Acceptability of Bibliotherapy for Patients With Cancer: A Qualitative, Descriptive Study

Nicole Roberts

Virginia Lee

Bethsheba Ananng

Annett Körner

nursing research, qualitative, clinical practice, distress, bibliotherapy, cancer
ONF 2016, 43(5), 588-594. DOI: 10.1188/16.ONF.588-594

Purpose/Objectives: To determine the acceptability of a self-help workbook, Mastering the Art of Coping in Good Times and Bad, for patients with cancer.

Research Approach: Descriptive, qualitative.

Setting: Participants were recruited from the psychosocial support cancer centers of two tertiary care teaching hospitals in Montreal, Quebec, Canada.

Participants: 18 individuals diagnosed with cancer.

Methodologic Approach: A semistructured interview guide with open-ended questions was used to gather feedback from participants about the workbook.

Findings: 18 participants completed the interviews from which the data emerged. Two main categories were identified from the respondents’ interviews regarding the acceptability of the workbook. The first category focuses on content, whereas the other focuses on recommendations. Interviewees specified the following content as most helpful: (a) focusing on the positive, (b) mindfulness, (c) relationships, and (d) skill reinforcement. Recommendations to improve the intervention centered on having access to additional support while reading the workbook.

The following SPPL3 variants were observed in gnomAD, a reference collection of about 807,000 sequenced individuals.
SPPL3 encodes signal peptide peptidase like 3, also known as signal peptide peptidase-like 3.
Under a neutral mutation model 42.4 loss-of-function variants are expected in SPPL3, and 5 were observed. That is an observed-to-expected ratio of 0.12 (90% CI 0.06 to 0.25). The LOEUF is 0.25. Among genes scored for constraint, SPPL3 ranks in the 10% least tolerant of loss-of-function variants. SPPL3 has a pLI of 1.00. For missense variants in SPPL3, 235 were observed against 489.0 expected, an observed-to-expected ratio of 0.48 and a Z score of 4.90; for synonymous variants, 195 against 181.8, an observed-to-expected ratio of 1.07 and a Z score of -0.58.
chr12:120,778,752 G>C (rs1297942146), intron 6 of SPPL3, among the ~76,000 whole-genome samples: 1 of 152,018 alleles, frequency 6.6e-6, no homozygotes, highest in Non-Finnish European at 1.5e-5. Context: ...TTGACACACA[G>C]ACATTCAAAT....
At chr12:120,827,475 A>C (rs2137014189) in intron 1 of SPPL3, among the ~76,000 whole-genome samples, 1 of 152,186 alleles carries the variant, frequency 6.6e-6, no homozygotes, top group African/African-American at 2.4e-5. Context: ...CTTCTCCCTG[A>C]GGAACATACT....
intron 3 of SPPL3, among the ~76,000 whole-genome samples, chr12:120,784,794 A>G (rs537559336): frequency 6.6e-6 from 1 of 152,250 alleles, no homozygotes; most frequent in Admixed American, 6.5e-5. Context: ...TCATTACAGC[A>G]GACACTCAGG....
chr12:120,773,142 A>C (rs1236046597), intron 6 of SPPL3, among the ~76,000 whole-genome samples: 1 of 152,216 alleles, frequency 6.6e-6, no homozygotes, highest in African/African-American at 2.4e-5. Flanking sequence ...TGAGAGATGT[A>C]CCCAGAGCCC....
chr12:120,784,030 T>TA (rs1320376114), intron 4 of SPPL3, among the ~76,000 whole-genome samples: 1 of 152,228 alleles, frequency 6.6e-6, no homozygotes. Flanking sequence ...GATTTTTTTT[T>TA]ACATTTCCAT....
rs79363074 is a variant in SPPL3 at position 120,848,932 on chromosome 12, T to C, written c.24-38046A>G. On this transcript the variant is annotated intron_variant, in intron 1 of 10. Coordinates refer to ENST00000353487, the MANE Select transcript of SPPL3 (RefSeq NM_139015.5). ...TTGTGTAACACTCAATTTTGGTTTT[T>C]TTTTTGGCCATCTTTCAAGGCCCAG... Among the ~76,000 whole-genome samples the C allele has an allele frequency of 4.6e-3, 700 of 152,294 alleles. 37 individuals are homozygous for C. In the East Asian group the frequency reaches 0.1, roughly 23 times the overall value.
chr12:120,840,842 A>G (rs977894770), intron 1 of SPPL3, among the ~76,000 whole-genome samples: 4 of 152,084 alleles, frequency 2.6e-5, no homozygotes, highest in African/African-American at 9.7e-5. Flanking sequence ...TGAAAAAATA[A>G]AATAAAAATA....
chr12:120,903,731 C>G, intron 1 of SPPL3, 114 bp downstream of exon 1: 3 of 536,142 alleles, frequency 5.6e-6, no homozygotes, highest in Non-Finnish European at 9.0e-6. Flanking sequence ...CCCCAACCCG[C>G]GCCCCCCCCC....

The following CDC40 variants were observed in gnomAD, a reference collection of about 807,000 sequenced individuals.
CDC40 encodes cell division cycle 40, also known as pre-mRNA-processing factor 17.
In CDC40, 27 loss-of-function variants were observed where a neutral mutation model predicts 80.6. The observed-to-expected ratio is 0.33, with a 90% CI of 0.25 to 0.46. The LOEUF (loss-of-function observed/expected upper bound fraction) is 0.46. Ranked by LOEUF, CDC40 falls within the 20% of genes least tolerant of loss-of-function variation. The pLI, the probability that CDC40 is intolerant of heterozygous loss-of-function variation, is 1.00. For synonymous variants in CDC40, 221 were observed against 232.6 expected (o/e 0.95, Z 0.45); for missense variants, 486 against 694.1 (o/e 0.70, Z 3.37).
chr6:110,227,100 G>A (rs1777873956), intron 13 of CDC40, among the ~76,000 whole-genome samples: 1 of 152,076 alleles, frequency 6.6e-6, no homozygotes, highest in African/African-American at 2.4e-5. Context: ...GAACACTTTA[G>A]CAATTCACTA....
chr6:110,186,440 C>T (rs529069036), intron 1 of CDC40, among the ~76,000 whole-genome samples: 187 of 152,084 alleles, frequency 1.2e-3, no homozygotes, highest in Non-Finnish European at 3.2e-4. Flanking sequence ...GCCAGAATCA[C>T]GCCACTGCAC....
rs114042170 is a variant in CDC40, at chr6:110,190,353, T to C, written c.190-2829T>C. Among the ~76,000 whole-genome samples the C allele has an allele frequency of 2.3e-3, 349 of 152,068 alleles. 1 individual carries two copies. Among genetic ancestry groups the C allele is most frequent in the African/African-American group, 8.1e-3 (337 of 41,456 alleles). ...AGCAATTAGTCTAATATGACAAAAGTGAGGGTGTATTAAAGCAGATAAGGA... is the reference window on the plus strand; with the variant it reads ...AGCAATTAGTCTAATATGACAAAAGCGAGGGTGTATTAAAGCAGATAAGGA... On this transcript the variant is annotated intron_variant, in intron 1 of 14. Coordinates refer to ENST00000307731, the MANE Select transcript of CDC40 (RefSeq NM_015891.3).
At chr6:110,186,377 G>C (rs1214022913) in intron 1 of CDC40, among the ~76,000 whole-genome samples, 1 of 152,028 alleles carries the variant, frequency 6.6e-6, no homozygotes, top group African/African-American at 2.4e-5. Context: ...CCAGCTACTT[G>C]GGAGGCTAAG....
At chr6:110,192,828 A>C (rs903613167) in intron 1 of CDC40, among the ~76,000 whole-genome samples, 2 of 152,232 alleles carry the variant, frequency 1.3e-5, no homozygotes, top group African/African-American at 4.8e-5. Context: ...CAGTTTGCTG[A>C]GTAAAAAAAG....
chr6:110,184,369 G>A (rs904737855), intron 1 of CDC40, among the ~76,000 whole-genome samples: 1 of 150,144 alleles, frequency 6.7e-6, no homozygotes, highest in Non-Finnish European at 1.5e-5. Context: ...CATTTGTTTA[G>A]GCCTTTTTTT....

Conclusions: Bibliotherapy gives patients access to knowledge to help them cope and engage in their own self-management. The workbook Mastering the Art of Coping in Good Times and Bad may be an acceptable means of helping them manage their stress. 

Interpretation: Bibliotherapy is not only cost-effective and easy to administer but also an acceptable minimal intervention.

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